Claytons

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Claytons is the brand name of a non-alcoholic, non-carbonated beverage coloured and packaged to resemble bottled whisky. It was the subject of a major marketing campaign in Australia and New Zealand in the 1970s and 1980s, promoting it as "the drink you have when you're not having a drink" at a time when alcohol was being targeted as a major factor in the road death toll. The jingle was written by Australian social satirist, John McKellar.[1]

Although the product is no longer being actively marketed, the name has entered into Australian and New Zealand vernacular where it represents a "poor substitute" or "an ineffective solution to a problem". It can also be used to describe something that is effectively in existence but does not take the appropriate name, e.g. a common-law couple might be described as having a "Claytons marriage".

Product history[edit]

According to the product label, Claytons was "originally blended and bottled by the Clayton Brothers for the Pure Water Company, Battersea, London, in the 1880s. According to 1980s labelling it was "made from African kola nuts and citrus essences". The product, bottled by Beecham, was taken off the market in New Zealand but continued to be distributed in Australia through Orlando Wines and later Cadbury-Schweppes.

As of 2007 the Claytons brand is still being used by Armstrong Agencies Ltd in Barbados, though the product is called Claytons Kola Tonic. This particular brand is also available in Australia from vendors such as GreenGrocer.com.au

Commercial outtake[edit]

On Parkinson, a humorous outtake of the Claytons commercial was shown. It featured a slurring Jack Thompson saying the line "Claytons.....for the drink I have....when they won't let me drink anymore....know what I mean", followed by a roar of laughter by his co-stars.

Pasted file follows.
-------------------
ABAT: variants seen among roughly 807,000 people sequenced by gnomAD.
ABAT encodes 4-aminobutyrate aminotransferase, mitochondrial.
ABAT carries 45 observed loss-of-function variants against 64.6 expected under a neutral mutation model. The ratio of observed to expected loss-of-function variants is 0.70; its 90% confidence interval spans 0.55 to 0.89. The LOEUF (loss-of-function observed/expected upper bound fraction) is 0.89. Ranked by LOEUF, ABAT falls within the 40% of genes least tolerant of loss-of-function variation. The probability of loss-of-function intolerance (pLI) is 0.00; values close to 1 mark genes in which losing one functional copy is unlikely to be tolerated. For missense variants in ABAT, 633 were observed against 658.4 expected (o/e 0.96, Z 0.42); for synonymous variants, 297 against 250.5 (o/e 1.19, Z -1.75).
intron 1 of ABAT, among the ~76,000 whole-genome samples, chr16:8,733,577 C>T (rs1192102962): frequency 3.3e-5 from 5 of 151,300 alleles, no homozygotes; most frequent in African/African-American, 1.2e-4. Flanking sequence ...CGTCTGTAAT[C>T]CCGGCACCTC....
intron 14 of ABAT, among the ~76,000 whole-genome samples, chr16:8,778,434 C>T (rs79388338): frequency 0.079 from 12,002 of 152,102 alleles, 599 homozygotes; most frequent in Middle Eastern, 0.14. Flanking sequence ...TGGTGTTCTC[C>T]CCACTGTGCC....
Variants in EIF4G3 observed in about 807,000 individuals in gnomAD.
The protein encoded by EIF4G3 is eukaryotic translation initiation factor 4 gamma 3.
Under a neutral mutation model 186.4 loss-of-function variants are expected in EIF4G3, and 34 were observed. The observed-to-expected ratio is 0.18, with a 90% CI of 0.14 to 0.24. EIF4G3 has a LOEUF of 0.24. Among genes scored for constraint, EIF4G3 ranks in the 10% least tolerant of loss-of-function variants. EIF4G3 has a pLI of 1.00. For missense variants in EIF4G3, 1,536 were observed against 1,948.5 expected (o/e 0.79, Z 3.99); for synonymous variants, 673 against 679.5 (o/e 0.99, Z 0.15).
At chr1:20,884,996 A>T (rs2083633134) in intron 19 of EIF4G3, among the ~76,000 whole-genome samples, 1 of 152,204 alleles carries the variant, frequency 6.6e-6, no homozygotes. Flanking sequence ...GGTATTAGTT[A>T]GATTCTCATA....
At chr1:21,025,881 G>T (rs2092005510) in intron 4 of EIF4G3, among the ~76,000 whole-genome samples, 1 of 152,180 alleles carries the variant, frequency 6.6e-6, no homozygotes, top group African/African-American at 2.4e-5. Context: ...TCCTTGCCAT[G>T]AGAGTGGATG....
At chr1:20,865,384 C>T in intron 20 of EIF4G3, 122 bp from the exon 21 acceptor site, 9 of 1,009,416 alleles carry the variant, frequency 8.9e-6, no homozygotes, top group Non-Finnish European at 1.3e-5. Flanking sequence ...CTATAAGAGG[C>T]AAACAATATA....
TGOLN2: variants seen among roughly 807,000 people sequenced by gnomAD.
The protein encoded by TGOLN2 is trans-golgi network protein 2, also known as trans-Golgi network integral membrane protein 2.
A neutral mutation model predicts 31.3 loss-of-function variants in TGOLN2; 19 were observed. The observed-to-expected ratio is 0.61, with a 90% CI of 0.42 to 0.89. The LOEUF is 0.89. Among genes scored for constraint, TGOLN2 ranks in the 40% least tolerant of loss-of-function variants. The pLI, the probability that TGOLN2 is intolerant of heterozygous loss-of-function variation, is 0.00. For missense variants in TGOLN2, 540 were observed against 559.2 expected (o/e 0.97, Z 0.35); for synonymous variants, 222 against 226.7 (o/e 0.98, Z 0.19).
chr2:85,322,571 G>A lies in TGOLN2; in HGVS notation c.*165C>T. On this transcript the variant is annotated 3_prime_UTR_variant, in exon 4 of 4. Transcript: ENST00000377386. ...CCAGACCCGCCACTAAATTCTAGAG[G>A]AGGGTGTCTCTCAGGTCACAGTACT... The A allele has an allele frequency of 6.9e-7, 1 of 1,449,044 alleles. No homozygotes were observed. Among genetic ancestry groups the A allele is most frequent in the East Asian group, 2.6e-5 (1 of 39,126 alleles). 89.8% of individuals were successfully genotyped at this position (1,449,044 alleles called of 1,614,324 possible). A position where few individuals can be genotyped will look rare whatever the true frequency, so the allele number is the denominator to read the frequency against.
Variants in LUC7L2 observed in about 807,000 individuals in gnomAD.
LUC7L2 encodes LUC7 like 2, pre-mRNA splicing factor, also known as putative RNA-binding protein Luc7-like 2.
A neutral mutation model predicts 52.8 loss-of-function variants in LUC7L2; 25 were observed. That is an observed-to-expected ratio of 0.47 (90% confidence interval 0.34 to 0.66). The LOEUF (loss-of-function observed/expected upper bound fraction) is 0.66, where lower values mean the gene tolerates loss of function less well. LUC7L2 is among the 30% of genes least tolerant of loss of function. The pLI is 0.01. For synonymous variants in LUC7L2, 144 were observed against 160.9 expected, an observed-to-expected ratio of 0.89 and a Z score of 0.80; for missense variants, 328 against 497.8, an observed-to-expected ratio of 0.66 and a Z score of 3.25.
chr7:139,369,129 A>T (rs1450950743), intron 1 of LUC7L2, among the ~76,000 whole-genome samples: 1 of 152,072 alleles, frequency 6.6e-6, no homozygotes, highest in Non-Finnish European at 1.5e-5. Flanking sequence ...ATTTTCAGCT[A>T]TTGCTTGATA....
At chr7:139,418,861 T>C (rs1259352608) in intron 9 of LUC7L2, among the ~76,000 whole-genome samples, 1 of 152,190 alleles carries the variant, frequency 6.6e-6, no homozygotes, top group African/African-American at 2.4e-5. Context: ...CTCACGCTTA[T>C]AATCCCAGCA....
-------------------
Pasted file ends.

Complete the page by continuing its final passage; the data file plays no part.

Appearance in Popular Culture[edit]

Though the product is largely forgotten, the phrase "Claytons" has entered the Australian and New Zealand vernacular with two different, but related, meanings:

  • Same word, different thing - Many regarded Claytons as a poor taste substitute, and the promotional campaign was ridiculed at the time. Subsequently, the term "Claytons" entered the vocabulary of both countries, used as an adjective to signify a compromise which satisfies no-one, or any form of inferior substitute or low-quality imitation, largely synonymous with the word "ersatz". For example, a hasty or temporary repair may be only a "Claytons solution" to a problem.
  • Different word, same thing - Claytons may also refer to something essentially the same but going by a different name. So for instance before an election is officially called there is the "Claytons election campaign": the election campaign you're having when you're not having an election campaign.

The term is primarily used by people old enough to remember the original advertising campaign, but it is still widely used throughout both countries, especially in political debate.

The commercial also generated another catch-phrase which became common in New Zealand and Australia. Before turning to camera at the start of the ad, our Claytons-drinking hero (played by Jack Thompson) tells the punch-line of a joke to the barman: "... And then this guy says 'Now we can all get some sleep!' " After completing a particularly irksome task - perhaps changing a tyre in the rain, or dropping 12 children off to their respective houses after a noisy birthday party - one can say "Now we can all get some sleep" to put a humorous full stop on the event.

In the original advertisement, set in a bar, this "punchline" was greeted with uproarious laughter, followed by the barman saying "What'll you have?"

Jack: Claytons, thanks, Brian.

Bloke in Bar: On the wagon, Jack?

Jack. No. When I don't feel like alcohol, I have Claytons.

Voice-over: Claytons. The drink you have when you're not having a drink.

See also[edit]

References[edit]

  1. ^ Brown, Malcolm (16 September 2010). "Writer made us laugh at ourselves". The Sydney Morning Herald (Fairfax Media). Retrieved 22 November 2012. 

External links[edit]